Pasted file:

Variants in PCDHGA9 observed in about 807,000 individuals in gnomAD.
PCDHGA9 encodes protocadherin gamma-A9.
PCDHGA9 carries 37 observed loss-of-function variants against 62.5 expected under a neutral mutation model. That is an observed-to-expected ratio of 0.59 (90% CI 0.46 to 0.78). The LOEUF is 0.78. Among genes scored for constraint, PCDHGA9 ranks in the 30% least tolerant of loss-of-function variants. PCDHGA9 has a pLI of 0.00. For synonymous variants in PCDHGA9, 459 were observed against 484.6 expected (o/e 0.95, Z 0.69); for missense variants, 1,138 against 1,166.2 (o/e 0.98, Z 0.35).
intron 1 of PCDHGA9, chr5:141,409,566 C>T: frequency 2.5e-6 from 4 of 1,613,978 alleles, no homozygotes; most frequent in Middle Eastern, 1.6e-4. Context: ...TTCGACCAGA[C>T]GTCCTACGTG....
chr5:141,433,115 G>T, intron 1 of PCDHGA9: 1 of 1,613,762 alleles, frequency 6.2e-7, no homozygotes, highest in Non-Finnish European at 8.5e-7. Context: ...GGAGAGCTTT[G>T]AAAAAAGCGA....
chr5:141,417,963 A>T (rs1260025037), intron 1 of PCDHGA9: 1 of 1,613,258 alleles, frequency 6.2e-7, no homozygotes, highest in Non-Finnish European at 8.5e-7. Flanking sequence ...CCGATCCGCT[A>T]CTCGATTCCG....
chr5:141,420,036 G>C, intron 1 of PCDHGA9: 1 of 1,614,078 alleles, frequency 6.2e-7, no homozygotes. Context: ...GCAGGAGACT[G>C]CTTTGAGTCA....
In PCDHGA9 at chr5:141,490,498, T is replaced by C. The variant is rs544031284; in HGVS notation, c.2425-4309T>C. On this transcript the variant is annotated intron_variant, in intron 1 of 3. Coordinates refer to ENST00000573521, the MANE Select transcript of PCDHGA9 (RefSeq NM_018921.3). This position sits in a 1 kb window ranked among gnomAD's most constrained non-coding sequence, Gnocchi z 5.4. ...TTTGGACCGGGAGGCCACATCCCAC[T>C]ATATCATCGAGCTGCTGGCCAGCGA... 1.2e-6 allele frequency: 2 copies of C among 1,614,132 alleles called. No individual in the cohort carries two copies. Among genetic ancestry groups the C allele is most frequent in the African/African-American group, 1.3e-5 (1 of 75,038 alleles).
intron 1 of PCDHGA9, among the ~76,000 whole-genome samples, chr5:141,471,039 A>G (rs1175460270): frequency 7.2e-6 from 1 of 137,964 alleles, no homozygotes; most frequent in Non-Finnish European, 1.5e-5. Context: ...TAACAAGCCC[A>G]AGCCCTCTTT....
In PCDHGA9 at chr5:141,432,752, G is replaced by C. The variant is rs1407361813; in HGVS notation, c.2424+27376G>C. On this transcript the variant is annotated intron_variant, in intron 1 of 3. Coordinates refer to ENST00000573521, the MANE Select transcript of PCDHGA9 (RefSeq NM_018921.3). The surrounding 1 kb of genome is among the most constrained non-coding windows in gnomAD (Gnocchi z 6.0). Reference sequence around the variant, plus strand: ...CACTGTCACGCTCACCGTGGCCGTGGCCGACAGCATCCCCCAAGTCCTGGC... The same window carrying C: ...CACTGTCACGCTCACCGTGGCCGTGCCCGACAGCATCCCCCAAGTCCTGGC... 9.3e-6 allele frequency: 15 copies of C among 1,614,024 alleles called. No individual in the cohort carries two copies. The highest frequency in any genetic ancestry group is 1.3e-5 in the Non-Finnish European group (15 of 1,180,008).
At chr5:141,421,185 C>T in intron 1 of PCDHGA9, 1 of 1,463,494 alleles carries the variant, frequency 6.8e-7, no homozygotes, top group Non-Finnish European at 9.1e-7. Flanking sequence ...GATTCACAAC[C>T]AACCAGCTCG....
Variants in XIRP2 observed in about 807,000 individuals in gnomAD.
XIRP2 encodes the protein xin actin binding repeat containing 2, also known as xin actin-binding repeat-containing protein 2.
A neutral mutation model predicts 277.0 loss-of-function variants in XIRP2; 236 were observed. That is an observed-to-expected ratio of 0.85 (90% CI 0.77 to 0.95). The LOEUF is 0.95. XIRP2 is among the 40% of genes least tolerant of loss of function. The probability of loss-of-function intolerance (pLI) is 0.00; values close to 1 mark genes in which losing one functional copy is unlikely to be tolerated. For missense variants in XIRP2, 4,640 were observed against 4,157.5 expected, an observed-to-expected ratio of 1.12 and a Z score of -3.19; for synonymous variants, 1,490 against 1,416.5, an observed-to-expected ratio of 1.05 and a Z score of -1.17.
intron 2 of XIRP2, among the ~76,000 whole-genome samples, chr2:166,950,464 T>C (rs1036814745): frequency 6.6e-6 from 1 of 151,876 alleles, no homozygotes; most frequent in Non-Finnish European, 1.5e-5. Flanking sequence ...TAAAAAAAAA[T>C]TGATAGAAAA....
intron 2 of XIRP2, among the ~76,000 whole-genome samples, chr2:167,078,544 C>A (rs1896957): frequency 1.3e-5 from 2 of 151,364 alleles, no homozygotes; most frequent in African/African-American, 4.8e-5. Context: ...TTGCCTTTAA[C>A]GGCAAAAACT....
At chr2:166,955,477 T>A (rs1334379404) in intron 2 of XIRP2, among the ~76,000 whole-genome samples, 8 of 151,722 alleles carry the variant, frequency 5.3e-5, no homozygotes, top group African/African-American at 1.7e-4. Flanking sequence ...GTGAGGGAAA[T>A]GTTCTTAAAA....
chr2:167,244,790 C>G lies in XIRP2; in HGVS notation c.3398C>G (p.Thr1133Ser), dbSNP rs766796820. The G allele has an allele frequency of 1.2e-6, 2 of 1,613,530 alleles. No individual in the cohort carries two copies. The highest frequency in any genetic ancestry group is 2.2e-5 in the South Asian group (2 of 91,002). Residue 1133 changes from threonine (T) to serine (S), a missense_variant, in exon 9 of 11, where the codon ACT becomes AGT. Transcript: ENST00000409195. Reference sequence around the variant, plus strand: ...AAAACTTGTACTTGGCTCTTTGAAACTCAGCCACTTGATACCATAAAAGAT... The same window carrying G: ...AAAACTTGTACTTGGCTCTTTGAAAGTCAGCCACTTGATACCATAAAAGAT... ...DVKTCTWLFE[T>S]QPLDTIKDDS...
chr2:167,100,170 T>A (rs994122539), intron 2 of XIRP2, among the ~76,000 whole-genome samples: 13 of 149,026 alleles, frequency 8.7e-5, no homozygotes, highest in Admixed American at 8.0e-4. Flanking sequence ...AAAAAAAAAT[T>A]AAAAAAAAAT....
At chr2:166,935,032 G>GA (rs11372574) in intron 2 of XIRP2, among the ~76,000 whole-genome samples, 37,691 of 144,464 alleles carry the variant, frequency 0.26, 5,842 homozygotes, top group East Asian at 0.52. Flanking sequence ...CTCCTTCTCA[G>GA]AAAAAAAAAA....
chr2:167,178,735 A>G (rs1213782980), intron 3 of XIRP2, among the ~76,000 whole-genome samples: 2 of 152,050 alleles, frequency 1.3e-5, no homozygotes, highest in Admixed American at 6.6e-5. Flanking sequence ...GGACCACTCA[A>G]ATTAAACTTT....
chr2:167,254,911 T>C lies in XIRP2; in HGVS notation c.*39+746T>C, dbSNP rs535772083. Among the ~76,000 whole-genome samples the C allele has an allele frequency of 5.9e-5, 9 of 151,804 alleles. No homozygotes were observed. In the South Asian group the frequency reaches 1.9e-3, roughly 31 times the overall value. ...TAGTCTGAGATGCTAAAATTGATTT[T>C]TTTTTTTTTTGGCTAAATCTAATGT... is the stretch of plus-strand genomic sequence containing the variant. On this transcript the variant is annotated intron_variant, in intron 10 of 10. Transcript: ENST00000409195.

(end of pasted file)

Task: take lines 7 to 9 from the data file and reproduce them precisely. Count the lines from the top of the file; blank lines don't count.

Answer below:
chr5:141,420,036 G>C, intron 1 of PCDHGA9: 1 of 1,614,078 alleles, frequency 6.2e-7, no homozygotes. Context: ...GCAGGAGACT[G>C]CTTTGAGTCA....
In PCDHGA9 at chr5:141,490,498, T is replaced by C. The variant is rs544031284; in HGVS notation, c.2425-4309T>C. On this transcript the variant is annotated intron_variant, in intron 1 of 3. Coordinates refer to ENST00000573521, the MANE Select transcript of PCDHGA9 (RefSeq NM_018921.3). This position sits in a 1 kb window ranked among gnomAD's most constrained non-coding sequence, Gnocchi z 5.4. ...TTTGGACCGGGAGGCCACATCCCAC[T>C]ATATCATCGAGCTGCTGGCCAGCGA... 1.2e-6 allele frequency: 2 copies of C among 1,614,132 alleles called. No individual in the cohort carries two copies. Among genetic ancestry groups the C allele is most frequent in the African/African-American group, 1.3e-5 (1 of 75,038 alleles).
intron 1 of PCDHGA9, among the ~76,000 whole-genome samples, chr5:141,471,039 A>G (rs1175460270): frequency 7.2e-6 from 1 of 137,964 alleles, no homozygotes; most frequent in Non-Finnish European, 1.5e-5. Context: ...TAACAAGCCC[A>G]AGCCCTCTTT....